The early 2010s were a golden age for American sitcoms. They were smart, they were funny, they weren’t afraid to go a little weird. New Girl’s the most obvious example from the class of ’10, but what’s the story with classmate Happy Endings? Here are seven reasons why if you love one, you’re going to love the other.
They’re both about a group of friends
Happy Endings is about six Chicago-based friends, some in relationships, some not, and two – Alex (Elisha Cuthbert) and Dave (Zachary Knighton) – trying to figure out exactly what they are after Alex left Dave at the altar. But that’s not what really matters.
Remember how in New Girl there was that whole “hey, Jess is the new girl” set-up that lasted maybe a couple of episodes before the show promptly forgot about it and just became about a bunch of likeable characters doing funny things? Same deal here.
While Alex and Dave’s off-on-whatever relationship remains a thing throughout the series, it stops being a serious concern after a handful of episodes as everyone just starts hanging out in whatever combinations are the funniest. Which is pretty much all of them.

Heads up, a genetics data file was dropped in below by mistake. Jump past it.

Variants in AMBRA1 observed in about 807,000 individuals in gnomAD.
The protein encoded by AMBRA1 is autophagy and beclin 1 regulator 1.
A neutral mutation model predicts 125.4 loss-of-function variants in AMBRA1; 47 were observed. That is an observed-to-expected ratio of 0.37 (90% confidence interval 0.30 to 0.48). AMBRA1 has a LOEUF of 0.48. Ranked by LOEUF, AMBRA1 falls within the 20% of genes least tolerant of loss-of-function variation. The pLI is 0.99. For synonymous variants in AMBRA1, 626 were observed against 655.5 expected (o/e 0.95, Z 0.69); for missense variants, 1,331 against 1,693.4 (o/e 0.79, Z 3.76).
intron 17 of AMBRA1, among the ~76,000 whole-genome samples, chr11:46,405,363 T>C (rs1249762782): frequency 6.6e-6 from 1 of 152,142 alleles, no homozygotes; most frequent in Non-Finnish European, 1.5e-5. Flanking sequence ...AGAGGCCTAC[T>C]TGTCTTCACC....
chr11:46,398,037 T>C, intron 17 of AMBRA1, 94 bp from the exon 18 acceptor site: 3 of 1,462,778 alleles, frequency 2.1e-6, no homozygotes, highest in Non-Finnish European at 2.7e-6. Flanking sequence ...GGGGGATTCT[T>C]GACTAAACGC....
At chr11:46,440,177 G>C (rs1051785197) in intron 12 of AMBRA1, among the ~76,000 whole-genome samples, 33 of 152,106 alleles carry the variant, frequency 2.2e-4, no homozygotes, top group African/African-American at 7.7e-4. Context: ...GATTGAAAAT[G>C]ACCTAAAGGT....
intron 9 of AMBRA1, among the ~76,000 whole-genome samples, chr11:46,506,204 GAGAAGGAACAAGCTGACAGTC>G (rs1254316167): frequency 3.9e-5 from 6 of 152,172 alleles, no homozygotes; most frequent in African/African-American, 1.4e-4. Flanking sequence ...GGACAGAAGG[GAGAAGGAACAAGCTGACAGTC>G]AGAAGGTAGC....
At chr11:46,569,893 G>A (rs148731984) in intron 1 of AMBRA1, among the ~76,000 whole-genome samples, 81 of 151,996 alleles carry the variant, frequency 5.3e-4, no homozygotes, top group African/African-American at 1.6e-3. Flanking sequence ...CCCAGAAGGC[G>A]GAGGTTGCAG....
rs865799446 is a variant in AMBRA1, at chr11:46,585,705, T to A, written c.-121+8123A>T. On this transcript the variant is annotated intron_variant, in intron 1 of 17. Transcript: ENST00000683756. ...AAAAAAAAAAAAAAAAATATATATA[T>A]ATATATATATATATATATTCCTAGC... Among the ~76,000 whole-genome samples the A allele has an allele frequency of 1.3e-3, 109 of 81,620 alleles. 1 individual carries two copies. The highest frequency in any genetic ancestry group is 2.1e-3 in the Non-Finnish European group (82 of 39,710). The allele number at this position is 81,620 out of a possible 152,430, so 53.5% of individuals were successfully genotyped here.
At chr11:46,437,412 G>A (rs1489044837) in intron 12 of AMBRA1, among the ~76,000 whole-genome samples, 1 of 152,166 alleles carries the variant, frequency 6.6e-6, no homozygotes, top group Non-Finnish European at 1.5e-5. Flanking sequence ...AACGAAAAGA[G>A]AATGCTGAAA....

The box set of New Girl (seasons 1–7) is streaming at SBS On Demand now:
They both have great casts – and great chemistry
Alex has a sister, Jane (Eliza Coupe), who has a husband, Brad (Damon Wayans Jr.). Alex and Jane are friends with Penny (Casey Wilson) while her college boyfriend turned gay best friend Max (Adam Pally) is also Dave and Brad’s best friend (Dave moves in with Max after getting dumped).
Much of what makes Happy Endings so memorable is the chemistry between the entire cast. This is a show where everybody works well with everybody; there isn’t a pairing that doesn’t get big laughs, and while some were more obvious than others (see Jane and Brad’s openly and somewhat weirdly sexual relationship together), this is a group where anyone can team up with anyone else and make it work.
Isn’t the same guy in both shows?
Back in 2011, Damon Wayans Jr. appeared in two sitcom pilots: Happy Endings and New Girl, where he played Coach. This wasn’t particularly unusual; actors can often appear in more than one pilot a season. What was unusual was that both pilots were picked up by their various networks, which meant Wayans Jr. had to make a choice. Happy Endings won.
Fast forward three years and when Happy Endings wrapped up Wayans Jr. was back on the market. New Girl was still going strong and Coach hadn’t been killed off or anything, so they offered him his old job back. He returned for season four, and then made regular guest appearances right up until the series finale.
Everyone’s kind of… weird
New Girl looks like a show about a bunch of attractive people leading cool lives… and then you actually watch an episode and realise these people are kind of nuts (in a good way). So if you’re thinking Happy Endings is just an updated version of Friends, you’re in for a bit of a surprise. Especially as the show itself makes fun of the superficial similarities in the season two episode The St Valentine’s Day Maxssacre.